It’s an assertion that defies common sense but speaks volumes about how the U.S. intelligence complex dodges accountability: The National Security Agency is arguing that even the secrets it has intentionally disclosed to reporters are still so secret that disclosing their disclosure threatens national security.
At issue is a report to Congress from the NSA on instances of “authorized disclosures” of classified intelligence to the media. The report was mandated by the Intelligence Authorization Act for Fiscal Year 2013.
Steven Aftergood, who writes the essential Secrecy News blog for the Federation of American Scientists, requested a copy under the Freedom of Information Act (FOIA).
Has it ever been more clear that the NSA phrase ‘could reasonably be expected to damage national security’ is a euphemism for ‘could gravely embarrass us?’
The NSA’s response, dated Oct. 2: “The document is classified because its disclosure could reasonably be expected to cause exceptionally grave damage to the national security.”
Has it ever been more clear that the NSA uses the phrase “could reasonably be expected to cause exceptionally grave damage to the national security” as a euphemism for “could gravely embarrass us?”
As Aftergood notes in his appeal, the legal precedent is that once information has been “officially acknowledged” it isn’t exempt from FOIA anymore – it’s not secret.
So what is the NSA so desperately eager to cover up?
Aftergood charitably tried to explain in his own post on the matter this morning:
Confronted by a pressing question from a reporter on a classified matter, an official might opt to acknowledge or disclose classified information in response, without necessarily intending to broadcast that information to everyone. In such cases, the information might be disclosed without being declassified, especially if it is already known to the reporter through other channels.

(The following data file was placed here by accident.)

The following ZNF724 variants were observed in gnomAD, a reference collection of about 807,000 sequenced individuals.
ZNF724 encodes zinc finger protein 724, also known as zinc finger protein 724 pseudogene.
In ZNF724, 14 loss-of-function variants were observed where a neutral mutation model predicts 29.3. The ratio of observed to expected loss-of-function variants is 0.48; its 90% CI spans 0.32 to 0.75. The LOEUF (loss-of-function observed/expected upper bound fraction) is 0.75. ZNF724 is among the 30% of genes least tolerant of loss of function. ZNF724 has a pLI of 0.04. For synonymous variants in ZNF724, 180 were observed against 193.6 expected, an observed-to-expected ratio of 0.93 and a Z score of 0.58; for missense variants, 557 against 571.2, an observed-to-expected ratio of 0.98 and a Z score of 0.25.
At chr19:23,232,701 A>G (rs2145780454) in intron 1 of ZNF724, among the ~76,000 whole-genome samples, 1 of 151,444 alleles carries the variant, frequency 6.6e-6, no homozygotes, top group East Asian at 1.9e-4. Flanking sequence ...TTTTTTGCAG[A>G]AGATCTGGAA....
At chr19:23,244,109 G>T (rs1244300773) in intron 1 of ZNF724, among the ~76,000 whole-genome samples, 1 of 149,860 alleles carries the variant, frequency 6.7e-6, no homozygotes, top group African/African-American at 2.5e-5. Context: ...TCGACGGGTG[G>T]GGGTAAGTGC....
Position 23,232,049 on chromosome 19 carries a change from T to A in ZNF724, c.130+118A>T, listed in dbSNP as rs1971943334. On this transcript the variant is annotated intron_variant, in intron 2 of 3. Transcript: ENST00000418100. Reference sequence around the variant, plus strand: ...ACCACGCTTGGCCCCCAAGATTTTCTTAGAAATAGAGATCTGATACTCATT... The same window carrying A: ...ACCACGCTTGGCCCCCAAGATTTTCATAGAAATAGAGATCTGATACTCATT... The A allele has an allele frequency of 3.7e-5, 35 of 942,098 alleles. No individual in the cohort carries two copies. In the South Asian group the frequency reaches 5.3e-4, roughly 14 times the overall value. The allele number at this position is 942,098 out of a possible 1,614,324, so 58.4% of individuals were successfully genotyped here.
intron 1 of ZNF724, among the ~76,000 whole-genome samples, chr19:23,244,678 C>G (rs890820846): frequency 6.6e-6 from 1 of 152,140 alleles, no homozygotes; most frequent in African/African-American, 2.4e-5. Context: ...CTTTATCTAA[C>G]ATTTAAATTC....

But more likely, what the NSA is so sensitive about is how frequently its officials disclose secrets when doing so serves the agency’s political agenda – and especially when it discredits the agency’s critics.
(That, and inappropriately friendly strategizing with tame reporters.)
One of the biggest open secrets in Washington is that, despite officialdom’s intensive efforts to demonize whistleblowers like former NSA analyst Edward Snowden, the vast majority of disclosures of secret information are not “leaks” but “pleaks” — a term Columbia Law Professor David E. Pozen coined to describe something that is more like an official “plant” than a “leak.”
George W. Bush and Dick Cheney were particularly adept at selectively disclosing secret intelligence findings that served their agenda – even while aggressively asserting the need to keep secret the information that would damage them.
I found Pozen’s study on pleaks thanks to Aftergood, naturally.
Pozen’s starting point in that study is the “dramatic disconnect between the way our laws and our leaders condemn leaking in the abstract and the way they condone it in practice.”
So the NSA wants to “pleak” when that serves its interests. But it doesn’t want anyone to know about it, because then it would make it even more unseemly to be persecuting someone for a “leak” that doesn’t.